Yes many local churches are over- programmed; there's no question about that, but many missional churches overstate this point. Some of us are flat out just managing to serve God through the week and then gather together to worship let alone managing any other programmes (even if we wanted to). I guess Boronia was a pretty programme-oriented church but then I think your Dad was also a fine example of someone who visited and offered help to people in the community who had no involvement at all with the programmes.

On denominational support for Mimos, you can email or phone me if you want to talk about it off blog but my understanding was that the District was providing some support through Network Partners and that we were contributing to that through our gold coin offerings. Maybe I'm wrong about this. In any case, be assured that you certainly do have our prayer support at Spring Street. We specifically pray for Mimos at our monthly half night of prayer and in Sunday services and will continue to do so.

Chris said...

Glen - glad you liked the post, it took me ages to get it just the way I wanted, and after I went to bed, it took me ages to fall asleep because my mind kept wandering back to other things I had wanted to say. But I can't remember them because I ended up falling asleep without writing them down (go figure).

In response to YOUR response, I think one reason many emerging churches are moving away from the traditional churches in which they began is this: they've been stifled. They are not "permitted" to think freely, to question church tradition, to attempt to understand scripture without the traditionalists constantly badgering them, saying "but that might be dangerous!"

Scripture IS dangerous!

A lot of the church traditions have been inferred from scripture, not actually taken from scripture. An example: you mentioned the trinity. The trinity is never specifically mentioned in the scriptures, not like it is in the doctrine set down by the church council at Nicea. There are plenty of references to God, to Jesus, to the Holy Spirit, but the words "trinity" and "three-in-one" and "triune" are never actually mentioned. Our understanding of the trinity is elementary, at best, and you can't possibly claim that a sound understanding of the trinity is necessary for evangelism; if it was, nobody could do it - we simply don't get it! Yet the church seems to get bogged down in the theology, instead of the mission; why do we focus on details that we cannot possibly know the answers to and call them essential?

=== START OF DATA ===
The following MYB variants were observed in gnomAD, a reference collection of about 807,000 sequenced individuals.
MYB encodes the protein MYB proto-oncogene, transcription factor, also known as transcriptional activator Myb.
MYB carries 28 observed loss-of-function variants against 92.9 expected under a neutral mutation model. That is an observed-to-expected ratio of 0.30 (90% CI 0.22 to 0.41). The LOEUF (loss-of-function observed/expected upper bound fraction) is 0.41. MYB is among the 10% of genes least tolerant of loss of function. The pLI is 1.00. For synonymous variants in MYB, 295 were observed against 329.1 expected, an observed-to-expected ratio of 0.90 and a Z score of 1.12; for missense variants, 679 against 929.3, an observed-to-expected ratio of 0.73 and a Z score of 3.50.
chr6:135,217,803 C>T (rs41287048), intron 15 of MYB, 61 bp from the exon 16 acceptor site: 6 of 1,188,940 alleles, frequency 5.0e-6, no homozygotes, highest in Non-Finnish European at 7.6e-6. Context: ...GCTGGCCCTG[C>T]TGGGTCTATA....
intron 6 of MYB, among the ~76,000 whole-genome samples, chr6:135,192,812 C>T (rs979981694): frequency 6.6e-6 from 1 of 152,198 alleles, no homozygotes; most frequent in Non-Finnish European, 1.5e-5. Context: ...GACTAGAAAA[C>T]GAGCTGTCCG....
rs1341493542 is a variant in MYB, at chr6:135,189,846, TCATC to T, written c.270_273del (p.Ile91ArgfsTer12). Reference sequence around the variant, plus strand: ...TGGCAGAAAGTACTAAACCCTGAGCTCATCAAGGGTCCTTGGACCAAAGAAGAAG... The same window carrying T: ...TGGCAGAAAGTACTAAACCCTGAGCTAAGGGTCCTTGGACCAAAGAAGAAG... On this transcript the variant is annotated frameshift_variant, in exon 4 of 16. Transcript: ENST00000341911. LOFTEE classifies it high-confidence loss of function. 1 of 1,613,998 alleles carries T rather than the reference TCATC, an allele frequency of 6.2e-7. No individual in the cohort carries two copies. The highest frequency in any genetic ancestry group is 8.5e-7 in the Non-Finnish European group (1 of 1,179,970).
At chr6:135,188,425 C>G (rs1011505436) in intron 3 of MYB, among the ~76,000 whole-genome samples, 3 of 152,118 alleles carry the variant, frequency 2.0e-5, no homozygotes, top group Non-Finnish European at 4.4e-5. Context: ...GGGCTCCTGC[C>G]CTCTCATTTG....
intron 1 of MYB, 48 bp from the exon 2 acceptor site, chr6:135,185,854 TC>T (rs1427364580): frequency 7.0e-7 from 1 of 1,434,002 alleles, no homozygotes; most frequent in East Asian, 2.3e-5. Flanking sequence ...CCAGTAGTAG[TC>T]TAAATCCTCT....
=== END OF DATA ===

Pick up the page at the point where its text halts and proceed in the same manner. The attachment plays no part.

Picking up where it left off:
Or another example, we've always assumed that Acts 2 described the perfect church, that the church was at its best just after Jesus went up to heaven and the holy spirit cam down to the Apostles. I've seen a new picture of this painted recently, that in fact, the church of Acts 2 was a failed experiment, that instead of fulfilling the great commission as Jesus instructed (go OUT into the world and make disciples of ALL nations), the eleven Apostles stayed put in Jerusalem. It took God three dreams to convince Peter to go out of the city and evangelize to the gentiles.

I do not claim to understand all of this any better than you do (in fact, I too agree that the trinity is, at the moment, the best description of God's person that we have), but I do think that we cannot ever claim that these doctrines are without fault or are absolute truth - as much as we may want to believe them, they are still educated guesses. Just because they're old and written by smarter people than we are do not make them accurate.

Theology is important, I cannot deny that. I want to someday be a professor OF theology (among other things), so keep that in mind. What I've come to realize is that it can't take priority, as it does in so many cases. Your theology is important, but not as important as being a disciple, and of helping OTHERS to become disciples.